It can be harder to check books for appropriateness with older readers. Picture books rarely have inappropriate content. Even if there’s a question, you can flip through a 32-page book in under a minute to check it out. That’s much harder to do with a novel. I have a post on my own blog that covers how to use online resources to check if a book is appropriate for a child.

Finding books

Hopefully, I’ve done my job and convinced you of the virtues of reading to children. The next question is how to find books that teach what you need. I’ve sprinkled this post with some books that touch on many common issues. But maybe you need more books, or you want to teach about a topic that I haven’t mentioned. Here are some resources to get you started.

  • A librarian. Public librarians are knowledgeable and eager to help. Head to the children’s section and ask if they have a book on your topic. (Bonus: libraries have free books!)
  • My Book Recommendation page on Pinterest Many book-loving bloggers like to gather together lists of children’s books on specific topics. I catalog many of these posts on this Pinterest board. Try scrolling through and see if anything fits what you need.
  • Google Search A good old google search can sometimes be the key. Try the phrase “children’s books about…..” and include your topic and age range. It pays to be specific on age range: a middle-grade book (4th-6th grade) about friendship won’t be appropriate for a preschooler and vice versa.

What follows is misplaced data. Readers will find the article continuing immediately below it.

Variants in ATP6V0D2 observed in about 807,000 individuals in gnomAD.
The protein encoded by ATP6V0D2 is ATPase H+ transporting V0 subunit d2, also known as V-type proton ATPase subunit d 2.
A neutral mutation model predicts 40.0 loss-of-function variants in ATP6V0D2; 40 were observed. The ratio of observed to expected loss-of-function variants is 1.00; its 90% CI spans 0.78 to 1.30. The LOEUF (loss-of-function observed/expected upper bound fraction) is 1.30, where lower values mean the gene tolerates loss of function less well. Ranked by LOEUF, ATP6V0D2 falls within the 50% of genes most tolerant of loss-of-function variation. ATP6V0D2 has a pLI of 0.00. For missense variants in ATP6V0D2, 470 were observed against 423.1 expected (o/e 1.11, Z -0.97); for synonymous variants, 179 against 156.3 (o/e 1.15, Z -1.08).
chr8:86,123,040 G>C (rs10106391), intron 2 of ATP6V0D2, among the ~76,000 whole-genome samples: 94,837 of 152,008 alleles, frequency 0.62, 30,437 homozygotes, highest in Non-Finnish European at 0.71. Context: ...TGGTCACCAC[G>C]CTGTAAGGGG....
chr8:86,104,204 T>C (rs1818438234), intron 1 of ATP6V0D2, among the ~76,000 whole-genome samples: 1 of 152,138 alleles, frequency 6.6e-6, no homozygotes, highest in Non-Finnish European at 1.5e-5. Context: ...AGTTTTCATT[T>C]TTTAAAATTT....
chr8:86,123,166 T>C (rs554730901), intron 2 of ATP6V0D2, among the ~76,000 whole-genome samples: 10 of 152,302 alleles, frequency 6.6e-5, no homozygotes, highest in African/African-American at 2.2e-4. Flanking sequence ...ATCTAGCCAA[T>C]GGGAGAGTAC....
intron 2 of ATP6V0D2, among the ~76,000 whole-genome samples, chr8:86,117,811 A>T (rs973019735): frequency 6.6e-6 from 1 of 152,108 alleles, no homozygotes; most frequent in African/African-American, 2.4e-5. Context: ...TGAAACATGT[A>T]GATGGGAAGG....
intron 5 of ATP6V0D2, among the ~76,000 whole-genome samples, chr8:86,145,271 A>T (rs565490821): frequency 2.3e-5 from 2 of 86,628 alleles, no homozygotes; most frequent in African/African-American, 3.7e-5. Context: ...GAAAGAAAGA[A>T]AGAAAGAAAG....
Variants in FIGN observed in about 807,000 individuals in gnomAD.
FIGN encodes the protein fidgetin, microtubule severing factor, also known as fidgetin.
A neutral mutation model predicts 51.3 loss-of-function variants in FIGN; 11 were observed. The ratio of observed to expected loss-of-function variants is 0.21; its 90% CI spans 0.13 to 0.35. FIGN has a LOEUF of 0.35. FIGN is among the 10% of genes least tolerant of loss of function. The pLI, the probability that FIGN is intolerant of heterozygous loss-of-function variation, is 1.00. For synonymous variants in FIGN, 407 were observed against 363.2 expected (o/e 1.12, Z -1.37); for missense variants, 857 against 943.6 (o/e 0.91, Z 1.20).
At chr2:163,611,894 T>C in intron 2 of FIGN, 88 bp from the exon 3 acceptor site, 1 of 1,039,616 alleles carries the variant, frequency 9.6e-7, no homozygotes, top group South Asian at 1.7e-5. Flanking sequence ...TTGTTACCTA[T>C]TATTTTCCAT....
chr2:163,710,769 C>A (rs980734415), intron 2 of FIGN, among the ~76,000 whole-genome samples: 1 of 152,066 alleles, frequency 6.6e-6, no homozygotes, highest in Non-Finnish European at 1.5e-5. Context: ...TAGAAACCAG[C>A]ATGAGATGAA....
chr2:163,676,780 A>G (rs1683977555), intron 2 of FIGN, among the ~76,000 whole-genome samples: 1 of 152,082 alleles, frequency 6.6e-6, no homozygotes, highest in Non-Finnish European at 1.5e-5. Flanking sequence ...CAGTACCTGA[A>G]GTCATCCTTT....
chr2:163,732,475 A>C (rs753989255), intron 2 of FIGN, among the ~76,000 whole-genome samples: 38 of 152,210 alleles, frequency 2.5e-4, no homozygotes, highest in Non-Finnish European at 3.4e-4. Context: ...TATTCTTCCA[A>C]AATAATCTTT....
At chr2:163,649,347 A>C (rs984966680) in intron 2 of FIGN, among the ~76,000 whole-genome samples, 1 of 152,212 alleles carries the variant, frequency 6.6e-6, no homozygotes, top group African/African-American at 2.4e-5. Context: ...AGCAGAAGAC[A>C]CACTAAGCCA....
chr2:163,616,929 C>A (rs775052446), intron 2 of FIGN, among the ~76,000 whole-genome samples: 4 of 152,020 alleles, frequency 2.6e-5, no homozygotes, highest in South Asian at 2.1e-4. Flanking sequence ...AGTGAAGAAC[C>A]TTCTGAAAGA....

Reading is my superpower – and now it’s yours, too.

Read More

This post is part of a blog tour in celebration of Angie’s new children’s book, I Pray Today. Each day this week she’ll be blogging around the internet.

And when you’re looking for books for your kids, check out 17 essential books for Orthodox Christian kids, 6 exceptional multicultural Easter books, and 14 picture books with disabled characters.

Charlotte Riggle, author of Catherine's Pascha and The Saint Nicholas Day Snow
Sign up for my newsletter!

Pin It on Pinterest

Share This

Share This

Share this post with your friends!